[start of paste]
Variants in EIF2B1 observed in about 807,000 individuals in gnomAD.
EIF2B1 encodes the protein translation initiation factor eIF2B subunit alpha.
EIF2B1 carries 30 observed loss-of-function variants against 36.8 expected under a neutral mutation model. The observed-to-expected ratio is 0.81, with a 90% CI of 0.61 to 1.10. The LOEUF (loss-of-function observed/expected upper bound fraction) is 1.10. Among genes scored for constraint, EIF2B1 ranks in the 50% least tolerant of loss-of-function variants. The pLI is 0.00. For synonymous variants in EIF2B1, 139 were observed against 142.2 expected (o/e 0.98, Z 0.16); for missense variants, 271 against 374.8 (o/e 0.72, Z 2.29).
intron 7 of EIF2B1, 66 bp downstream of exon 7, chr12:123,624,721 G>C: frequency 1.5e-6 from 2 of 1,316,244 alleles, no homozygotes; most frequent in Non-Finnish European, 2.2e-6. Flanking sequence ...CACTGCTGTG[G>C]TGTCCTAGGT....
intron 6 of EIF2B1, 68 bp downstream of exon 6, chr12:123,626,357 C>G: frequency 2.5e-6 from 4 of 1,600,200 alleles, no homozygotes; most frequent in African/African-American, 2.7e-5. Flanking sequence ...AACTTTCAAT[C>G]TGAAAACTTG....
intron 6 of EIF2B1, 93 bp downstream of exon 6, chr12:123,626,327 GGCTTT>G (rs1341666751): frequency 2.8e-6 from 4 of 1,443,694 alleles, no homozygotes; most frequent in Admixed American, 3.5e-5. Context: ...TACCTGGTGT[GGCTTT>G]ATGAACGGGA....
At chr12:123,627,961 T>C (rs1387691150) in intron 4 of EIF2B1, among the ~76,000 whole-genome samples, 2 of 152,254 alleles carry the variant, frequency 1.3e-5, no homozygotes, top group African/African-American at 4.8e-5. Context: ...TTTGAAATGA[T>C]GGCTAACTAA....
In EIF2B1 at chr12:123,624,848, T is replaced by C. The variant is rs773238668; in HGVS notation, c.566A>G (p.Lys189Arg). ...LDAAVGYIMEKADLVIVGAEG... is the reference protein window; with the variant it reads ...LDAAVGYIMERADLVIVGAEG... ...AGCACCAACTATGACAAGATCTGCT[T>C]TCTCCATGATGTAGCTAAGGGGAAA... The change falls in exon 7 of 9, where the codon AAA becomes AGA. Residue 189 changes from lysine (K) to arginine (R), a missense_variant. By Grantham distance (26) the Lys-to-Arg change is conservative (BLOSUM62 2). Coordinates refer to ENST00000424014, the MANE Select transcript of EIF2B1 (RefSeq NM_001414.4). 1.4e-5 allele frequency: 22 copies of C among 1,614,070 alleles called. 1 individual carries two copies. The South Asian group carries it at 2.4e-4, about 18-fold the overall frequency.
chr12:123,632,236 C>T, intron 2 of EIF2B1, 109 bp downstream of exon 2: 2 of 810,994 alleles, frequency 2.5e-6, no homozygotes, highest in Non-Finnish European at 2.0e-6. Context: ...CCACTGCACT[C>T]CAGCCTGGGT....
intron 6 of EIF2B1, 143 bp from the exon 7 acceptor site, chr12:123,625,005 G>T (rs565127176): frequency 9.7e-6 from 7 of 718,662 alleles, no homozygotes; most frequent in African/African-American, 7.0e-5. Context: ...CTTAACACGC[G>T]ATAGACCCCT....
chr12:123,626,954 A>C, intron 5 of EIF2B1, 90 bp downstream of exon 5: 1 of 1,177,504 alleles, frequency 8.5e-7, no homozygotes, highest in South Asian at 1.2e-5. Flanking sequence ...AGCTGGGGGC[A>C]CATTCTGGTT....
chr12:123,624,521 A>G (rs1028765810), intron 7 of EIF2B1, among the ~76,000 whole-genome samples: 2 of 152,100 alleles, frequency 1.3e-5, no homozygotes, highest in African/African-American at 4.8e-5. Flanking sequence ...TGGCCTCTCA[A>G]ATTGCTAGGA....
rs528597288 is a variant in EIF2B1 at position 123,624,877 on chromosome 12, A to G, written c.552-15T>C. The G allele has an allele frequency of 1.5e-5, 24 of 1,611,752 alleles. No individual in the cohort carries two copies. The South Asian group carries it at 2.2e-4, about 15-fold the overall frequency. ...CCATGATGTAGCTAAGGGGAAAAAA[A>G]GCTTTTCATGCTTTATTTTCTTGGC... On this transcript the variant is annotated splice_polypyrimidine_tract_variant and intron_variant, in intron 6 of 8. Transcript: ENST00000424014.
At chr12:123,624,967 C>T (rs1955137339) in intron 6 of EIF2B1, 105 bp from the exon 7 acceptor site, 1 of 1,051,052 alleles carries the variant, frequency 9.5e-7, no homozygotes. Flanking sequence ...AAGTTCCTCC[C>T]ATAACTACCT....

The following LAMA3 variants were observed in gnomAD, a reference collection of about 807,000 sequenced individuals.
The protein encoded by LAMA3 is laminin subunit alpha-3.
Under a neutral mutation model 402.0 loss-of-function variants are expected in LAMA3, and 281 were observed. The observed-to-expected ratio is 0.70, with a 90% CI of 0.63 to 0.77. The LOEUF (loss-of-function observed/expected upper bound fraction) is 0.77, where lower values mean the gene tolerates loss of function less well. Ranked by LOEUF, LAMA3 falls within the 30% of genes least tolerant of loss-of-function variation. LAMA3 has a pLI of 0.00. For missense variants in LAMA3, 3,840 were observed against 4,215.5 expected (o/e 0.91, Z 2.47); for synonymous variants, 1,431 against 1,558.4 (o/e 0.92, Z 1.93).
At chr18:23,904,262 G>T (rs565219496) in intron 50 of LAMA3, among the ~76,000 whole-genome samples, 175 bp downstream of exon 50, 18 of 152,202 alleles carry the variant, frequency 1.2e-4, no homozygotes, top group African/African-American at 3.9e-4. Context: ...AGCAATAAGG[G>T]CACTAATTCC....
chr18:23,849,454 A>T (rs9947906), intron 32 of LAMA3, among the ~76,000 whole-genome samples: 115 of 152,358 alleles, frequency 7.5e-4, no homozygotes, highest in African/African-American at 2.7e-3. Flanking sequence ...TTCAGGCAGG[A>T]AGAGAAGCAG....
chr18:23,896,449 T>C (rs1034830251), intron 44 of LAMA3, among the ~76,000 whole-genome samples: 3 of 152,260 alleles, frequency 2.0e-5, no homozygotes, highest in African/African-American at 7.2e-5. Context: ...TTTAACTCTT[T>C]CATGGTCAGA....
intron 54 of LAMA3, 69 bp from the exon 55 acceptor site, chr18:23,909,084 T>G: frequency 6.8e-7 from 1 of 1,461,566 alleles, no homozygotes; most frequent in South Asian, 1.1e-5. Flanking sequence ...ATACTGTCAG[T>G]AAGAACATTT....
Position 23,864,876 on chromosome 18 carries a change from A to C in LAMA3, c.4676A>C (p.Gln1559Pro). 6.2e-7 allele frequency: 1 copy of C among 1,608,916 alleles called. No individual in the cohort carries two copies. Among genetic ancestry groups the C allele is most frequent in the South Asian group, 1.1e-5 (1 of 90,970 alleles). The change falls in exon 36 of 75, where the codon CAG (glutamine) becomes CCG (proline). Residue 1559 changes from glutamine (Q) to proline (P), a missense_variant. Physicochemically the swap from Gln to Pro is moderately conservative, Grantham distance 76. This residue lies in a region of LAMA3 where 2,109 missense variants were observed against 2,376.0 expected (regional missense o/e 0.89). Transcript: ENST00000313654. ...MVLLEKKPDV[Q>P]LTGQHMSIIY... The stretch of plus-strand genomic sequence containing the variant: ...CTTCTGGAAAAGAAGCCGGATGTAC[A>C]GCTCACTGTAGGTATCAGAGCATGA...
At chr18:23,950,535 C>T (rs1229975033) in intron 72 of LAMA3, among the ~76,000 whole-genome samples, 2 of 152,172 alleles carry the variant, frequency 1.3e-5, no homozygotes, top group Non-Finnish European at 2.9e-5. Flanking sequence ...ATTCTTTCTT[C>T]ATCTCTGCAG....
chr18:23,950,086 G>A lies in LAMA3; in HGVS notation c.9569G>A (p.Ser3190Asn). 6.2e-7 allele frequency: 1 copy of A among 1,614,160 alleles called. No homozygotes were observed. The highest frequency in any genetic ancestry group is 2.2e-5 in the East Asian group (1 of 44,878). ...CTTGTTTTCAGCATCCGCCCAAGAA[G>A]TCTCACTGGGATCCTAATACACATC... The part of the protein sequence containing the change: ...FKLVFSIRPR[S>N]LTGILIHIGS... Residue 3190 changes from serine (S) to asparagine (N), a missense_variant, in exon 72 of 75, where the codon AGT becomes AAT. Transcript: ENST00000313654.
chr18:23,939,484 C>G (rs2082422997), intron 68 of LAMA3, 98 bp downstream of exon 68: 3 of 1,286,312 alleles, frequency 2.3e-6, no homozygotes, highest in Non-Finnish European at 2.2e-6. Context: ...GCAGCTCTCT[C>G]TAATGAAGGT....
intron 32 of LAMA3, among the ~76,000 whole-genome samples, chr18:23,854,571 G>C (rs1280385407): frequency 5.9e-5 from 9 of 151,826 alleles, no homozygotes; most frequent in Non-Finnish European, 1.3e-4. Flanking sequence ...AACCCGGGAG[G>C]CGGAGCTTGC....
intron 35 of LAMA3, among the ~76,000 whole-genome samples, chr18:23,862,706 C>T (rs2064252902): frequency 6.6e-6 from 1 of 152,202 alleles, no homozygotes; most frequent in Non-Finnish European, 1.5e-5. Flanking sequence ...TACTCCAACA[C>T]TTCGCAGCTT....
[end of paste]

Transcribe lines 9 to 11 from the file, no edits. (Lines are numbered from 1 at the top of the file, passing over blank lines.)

chr12:123,632,236 C>T, intron 2 of EIF2B1, 109 bp downstream of exon 2: 2 of 810,994 alleles, frequency 2.5e-6, no homozygotes, highest in Non-Finnish European at 2.0e-6. Context: ...CCACTGCACT[C>T]CAGCCTGGGT....
intron 6 of EIF2B1, 143 bp from the exon 7 acceptor site, chr12:123,625,005 G>T (rs565127176): frequency 9.7e-6 from 7 of 718,662 alleles, no homozygotes; most frequent in African/African-American, 7.0e-5. Context: ...CTTAACACGC[G>T]ATAGACCCCT....
chr12:123,626,954 A>C, intron 5 of EIF2B1, 90 bp downstream of exon 5: 1 of 1,177,504 alleles, frequency 8.5e-7, no homozygotes, highest in South Asian at 1.2e-5. Flanking sequence ...AGCTGGGGGC[A>C]CATTCTGGTT....